Heatwaves were defined as periods of three or more consecutive days with daily Tmax values above the climatological (1981–2010) 90th percentile, calculated based on a 15-day moving window centered in the specific calendar day25,51. Hot periods were defined by grouping several heatwaves separated by short periods of heat-stress relief. Based on this criterion, the heatwave incidence per summer season (December–February, 1980–2020) was explored by assessing the values of several heatwave parameters: the number of heatwave episodes (HWN), the sum of participating heatwave days (HWF), and the length (in days) of the longest heatwave event (HWD). To account for both heatwave duration and intensity, values of the heatwave magnitude index daily (HWMId)2 were also computed for each summer season (more information regarding the HWMId metric can be found in the Supplementary Material). The data used for these calculations correspond to in situ daily Tmax records from two meteorological stations located within the UASP and UACT.

Soil moisture–temperature coupling

The π diagnostic proposed by Ref.9, was used to assess and quantify the magnitude of soil moisture–temperature coupling. This metric estimate two terms based on near surface air temperature (T), evaporation (E), potential evaporation (\({E}_{p}\)) and surface net radiation (\({R}_{n}\)). π is defined as the product of a temperature term (\({T}^{\prime}\)) and an energy term (\({H}^{{\prime}}-{H}_{p}^{{\prime}}\)):

$$\pi =\left({H}^{{\prime}}-{H}_{p}^{{\prime}}\right) {T}^{{\prime}},$$

where H quantifies the actual sensible heat resulting from the estimate evaporation and surface net radiation levels, and \({H}_{p}\) quantifies the sensible heat that would occur assuming potential evaporation:

$$\left({H}^{{\prime}}-{H}_{p}^{{\prime}}\right)={\left({R}_{n}-\lambda E\right)}^{{\prime}}-{\left({R}_{n}-\lambda {E}_{p}\right)}^{{\prime}}.$$

\({T}^{{\prime}}\), \({H}^{{\prime}}\) and \({H}_{p}^{{\prime}}\) indicates, respectively, the daily anomalies of T, H and \({H}_{p}\) expressed in the number of standard deviations relative to their expectation, and λE the latent heat flux calculated as a function of T and \({R}_{n}\)52. The energy term (\({H}^{{\prime}}-{H}_{p}^{{\prime}}\)) represents, therefore, the short-term potential of soil moisture to affect T through changes in the partitioning of the available radiative energy. When soil moisture is sufficient to meet the atmospheric demand for water, evaporation equals the potential evaporation, and the energy term is zero. Under dry conditions, as atmospheric water demand increases and soil moisture gradually decreases, the energy term increases. Ultimately the soil moisture–temperature coupling (π) will be high when positive values of \({T}^{{\prime}}\) concur with high levels of (\({H}^{{\prime}}-{H}_{p}^{{\prime}}\)). This method was developed and validated by Ref.9. Since then, it has been widely used in many published studies focusing on different regions of the globe and where the soil moisture–temperature coupling conditions were assessed through different perspectives (e.g.6,53,54).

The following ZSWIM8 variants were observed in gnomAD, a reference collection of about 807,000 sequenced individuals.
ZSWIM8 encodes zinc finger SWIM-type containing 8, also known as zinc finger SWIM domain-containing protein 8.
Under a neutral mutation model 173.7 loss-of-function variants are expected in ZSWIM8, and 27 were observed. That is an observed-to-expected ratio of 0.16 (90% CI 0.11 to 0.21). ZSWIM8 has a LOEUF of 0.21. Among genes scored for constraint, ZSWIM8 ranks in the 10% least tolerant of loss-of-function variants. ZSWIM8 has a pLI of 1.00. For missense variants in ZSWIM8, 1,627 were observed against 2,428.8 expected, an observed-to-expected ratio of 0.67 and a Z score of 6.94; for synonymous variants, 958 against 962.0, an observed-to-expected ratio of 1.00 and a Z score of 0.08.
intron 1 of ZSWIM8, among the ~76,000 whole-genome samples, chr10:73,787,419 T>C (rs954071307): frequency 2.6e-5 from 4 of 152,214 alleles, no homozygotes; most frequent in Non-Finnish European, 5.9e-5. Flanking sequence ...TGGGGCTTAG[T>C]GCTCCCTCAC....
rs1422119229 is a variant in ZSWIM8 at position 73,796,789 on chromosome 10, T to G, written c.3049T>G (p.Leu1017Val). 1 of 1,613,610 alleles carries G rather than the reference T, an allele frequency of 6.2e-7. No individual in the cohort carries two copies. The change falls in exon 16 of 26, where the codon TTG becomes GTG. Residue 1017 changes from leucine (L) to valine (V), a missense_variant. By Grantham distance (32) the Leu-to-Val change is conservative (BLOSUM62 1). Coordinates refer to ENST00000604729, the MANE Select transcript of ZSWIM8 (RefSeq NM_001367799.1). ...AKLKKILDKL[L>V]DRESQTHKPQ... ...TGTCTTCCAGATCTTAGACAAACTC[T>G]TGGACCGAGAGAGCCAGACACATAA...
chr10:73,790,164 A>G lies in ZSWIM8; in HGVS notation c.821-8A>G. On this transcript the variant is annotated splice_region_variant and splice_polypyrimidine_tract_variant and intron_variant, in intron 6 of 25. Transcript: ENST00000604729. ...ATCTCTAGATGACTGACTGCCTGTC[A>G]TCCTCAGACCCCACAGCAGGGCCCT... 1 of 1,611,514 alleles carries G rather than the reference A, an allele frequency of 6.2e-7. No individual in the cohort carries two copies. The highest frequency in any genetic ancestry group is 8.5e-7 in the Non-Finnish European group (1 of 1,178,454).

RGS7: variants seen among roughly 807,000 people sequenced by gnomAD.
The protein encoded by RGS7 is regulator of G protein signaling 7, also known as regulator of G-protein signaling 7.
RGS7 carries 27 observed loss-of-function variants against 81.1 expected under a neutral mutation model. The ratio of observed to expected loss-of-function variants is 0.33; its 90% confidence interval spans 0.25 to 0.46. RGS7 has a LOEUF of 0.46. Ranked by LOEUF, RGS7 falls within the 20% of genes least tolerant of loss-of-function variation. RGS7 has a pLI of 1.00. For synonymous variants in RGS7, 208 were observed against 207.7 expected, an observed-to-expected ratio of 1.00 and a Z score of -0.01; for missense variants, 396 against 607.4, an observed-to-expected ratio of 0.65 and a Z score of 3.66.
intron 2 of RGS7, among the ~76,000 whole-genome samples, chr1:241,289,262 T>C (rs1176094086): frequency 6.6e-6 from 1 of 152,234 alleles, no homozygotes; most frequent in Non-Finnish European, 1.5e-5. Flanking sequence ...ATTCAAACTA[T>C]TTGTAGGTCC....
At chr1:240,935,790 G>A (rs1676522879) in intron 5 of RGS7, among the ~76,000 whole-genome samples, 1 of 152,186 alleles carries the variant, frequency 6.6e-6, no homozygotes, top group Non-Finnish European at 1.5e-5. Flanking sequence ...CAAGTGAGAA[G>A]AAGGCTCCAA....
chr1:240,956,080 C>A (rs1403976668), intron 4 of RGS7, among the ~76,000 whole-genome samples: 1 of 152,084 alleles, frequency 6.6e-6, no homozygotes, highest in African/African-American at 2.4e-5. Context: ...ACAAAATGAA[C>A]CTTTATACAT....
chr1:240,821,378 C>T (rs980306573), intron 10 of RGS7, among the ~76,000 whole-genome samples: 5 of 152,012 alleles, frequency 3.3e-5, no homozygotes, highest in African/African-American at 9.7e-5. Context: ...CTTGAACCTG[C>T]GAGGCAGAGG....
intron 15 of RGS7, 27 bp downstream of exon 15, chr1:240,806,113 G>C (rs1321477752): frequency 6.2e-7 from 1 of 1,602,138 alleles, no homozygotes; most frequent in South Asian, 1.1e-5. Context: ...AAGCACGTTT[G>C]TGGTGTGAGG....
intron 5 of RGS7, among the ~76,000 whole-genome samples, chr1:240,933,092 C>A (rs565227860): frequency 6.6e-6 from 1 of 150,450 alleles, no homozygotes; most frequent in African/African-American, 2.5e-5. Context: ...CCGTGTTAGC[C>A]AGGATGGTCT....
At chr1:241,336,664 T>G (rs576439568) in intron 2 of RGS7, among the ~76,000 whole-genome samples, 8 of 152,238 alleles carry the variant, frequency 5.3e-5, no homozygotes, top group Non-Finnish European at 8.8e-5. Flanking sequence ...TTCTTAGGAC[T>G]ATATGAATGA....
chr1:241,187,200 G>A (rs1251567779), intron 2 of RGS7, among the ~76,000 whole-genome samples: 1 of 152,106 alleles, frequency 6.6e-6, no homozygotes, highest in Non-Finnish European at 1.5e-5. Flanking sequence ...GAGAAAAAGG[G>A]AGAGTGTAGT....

Contribution of temperature advection and radiative processes to the near-surface temperature variation

The near-temperature variation for each grid-cell can be determined by the contribution of the temperature advection (horizontally and vertically) and local radiative processes using a fixed space (point-by-point) Eulerian approach.

$${\left(\frac{\Delta T}{\Delta t}\right)}_{h}\left(\lambda ,\phi ,t\right)= -\overrightarrow{v}\cdot {\nabla }_{p}T,$$
$${\left(\frac{\Delta T}{\Delta t}\right)}_{v}\left(\lambda ,\phi ,t\right)= -\omega \frac{T}{\theta }\frac{\partial \theta }{\partial p},$$

where \(\lambda ,\phi ,t\) represent latitude, longitude and time, respectively, \(v\) indicates horizontal wind speed, \(T\) temperature, \(\omega\) vertical velocity and \(\theta\) potential temperature. The temperature advection by the horizontal wind can be calculated by (3), while (4) represents the temperature advection by vertical motion. Temperature changes due to sensible heat advected from remote regions12 are, according to this Eulerian approach, comprised in the horizontal and vertical temperature advection terms. Both contributions were computed at an hourly scale, in constant pressure coordinates, and according to particular pressure levels available in the ERA5 reanalysis datasets that correspond to the local near-surface atmospheric layer (from 950 to 900 hPa). The temperature change rate due to diabatic processes, including local sensible heat fluxes induced by local soil desiccation, was estimated as a residual from the previous two terms based on the temperature tendency Eq. (5):

$${\left(\frac{\Delta T}{\Delta t}\right)}_{d}\left(\lambda ,\phi ,t\right)= \frac{\Delta T}{\Delta t}-{\left(\frac{\Delta T}{\Delta t}\right)}_{h}-{\left(\frac{\Delta T}{\Delta t}\right)}_{v}.$$

The determination of the diabatic process as a residual term involves some careful considerations. Different factors, such as sub-grid turbulent mixing, analysis increments or even other numerical errors, may contribute to this residual term55. This analysis was performed by computing average values of the ERA5 model grid points located within UASP and UACT (Fig. 1f).